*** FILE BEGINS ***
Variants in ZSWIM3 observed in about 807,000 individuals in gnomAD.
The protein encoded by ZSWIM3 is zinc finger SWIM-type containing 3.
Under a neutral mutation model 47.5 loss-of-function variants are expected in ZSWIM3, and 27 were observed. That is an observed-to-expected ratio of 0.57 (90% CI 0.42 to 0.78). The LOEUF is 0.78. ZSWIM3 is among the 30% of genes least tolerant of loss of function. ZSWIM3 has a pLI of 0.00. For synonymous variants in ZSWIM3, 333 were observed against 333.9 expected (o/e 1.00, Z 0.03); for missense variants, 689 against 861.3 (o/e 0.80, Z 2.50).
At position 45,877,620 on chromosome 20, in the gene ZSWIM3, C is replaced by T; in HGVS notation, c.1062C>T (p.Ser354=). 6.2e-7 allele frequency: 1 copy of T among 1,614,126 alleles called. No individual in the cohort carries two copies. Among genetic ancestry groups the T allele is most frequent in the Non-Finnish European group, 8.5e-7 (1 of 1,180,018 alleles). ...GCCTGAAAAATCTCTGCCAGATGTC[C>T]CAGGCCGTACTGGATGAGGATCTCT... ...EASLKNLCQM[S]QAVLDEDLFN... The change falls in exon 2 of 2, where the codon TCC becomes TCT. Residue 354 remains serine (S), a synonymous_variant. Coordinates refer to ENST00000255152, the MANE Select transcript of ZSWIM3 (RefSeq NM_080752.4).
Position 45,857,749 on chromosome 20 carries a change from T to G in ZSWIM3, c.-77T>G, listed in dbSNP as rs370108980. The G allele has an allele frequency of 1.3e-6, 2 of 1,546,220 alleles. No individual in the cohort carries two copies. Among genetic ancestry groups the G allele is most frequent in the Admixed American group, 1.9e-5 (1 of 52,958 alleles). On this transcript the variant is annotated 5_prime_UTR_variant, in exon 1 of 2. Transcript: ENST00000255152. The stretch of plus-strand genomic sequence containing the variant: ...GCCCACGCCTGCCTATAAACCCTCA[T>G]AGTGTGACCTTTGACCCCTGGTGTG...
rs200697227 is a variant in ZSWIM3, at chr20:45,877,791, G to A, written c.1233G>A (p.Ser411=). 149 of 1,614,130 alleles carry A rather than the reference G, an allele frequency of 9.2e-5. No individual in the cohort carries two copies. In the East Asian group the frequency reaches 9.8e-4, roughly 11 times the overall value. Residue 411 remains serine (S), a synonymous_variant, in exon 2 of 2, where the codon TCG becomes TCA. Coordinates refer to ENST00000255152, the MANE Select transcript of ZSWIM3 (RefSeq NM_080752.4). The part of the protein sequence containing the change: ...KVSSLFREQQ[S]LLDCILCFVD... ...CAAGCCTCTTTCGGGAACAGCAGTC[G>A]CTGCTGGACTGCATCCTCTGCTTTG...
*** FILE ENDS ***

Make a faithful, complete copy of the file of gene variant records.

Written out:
Variants in ZSWIM3 observed in about 807,000 individuals in gnomAD.
The protein encoded by ZSWIM3 is zinc finger SWIM-type containing 3.
Under a neutral mutation model 47.5 loss-of-function variants are expected in ZSWIM3, and 27 were observed. That is an observed-to-expected ratio of 0.57 (90% CI 0.42 to 0.78). The LOEUF is 0.78. ZSWIM3 is among the 30% of genes least tolerant of loss of function. ZSWIM3 has a pLI of 0.00. For synonymous variants in ZSWIM3, 333 were observed against 333.9 expected (o/e 1.00, Z 0.03); for missense variants, 689 against 861.3 (o/e 0.80, Z 2.50).
At position 45,877,620 on chromosome 20, in the gene ZSWIM3, C is replaced by T; in HGVS notation, c.1062C>T (p.Ser354=). 6.2e-7 allele frequency: 1 copy of T among 1,614,126 alleles called. No individual in the cohort carries two copies. Among genetic ancestry groups the T allele is most frequent in the Non-Finnish European group, 8.5e-7 (1 of 1,180,018 alleles). ...GCCTGAAAAATCTCTGCCAGATGTC[C>T]CAGGCCGTACTGGATGAGGATCTCT... ...EASLKNLCQM[S]QAVLDEDLFN... The change falls in exon 2 of 2, where the codon TCC becomes TCT. Residue 354 remains serine (S), a synonymous_variant. Coordinates refer to ENST00000255152, the MANE Select transcript of ZSWIM3 (RefSeq NM_080752.4).
Position 45,857,749 on chromosome 20 carries a change from T to G in ZSWIM3, c.-77T>G, listed in dbSNP as rs370108980. The G allele has an allele frequency of 1.3e-6, 2 of 1,546,220 alleles. No individual in the cohort carries two copies. Among genetic ancestry groups the G allele is most frequent in the Admixed American group, 1.9e-5 (1 of 52,958 alleles). On this transcript the variant is annotated 5_prime_UTR_variant, in exon 1 of 2. Transcript: ENST00000255152. The stretch of plus-strand genomic sequence containing the variant: ...GCCCACGCCTGCCTATAAACCCTCA[T>G]AGTGTGACCTTTGACCCCTGGTGTG...
rs200697227 is a variant in ZSWIM3, at chr20:45,877,791, G to A, written c.1233G>A (p.Ser411=). 149 of 1,614,130 alleles carry A rather than the reference G, an allele frequency of 9.2e-5. No individual in the cohort carries two copies. In the East Asian group the frequency reaches 9.8e-4, roughly 11 times the overall value. Residue 411 remains serine (S), a synonymous_variant, in exon 2 of 2, where the codon TCG becomes TCA. Coordinates refer to ENST00000255152, the MANE Select transcript of ZSWIM3 (RefSeq NM_080752.4). The part of the protein sequence containing the change: ...KVSSLFREQQ[S]LLDCILCFVD... ...CAAGCCTCTTTCGGGAACAGCAGTC[G>A]CTGCTGGACTGCATCCTCTGCTTTG...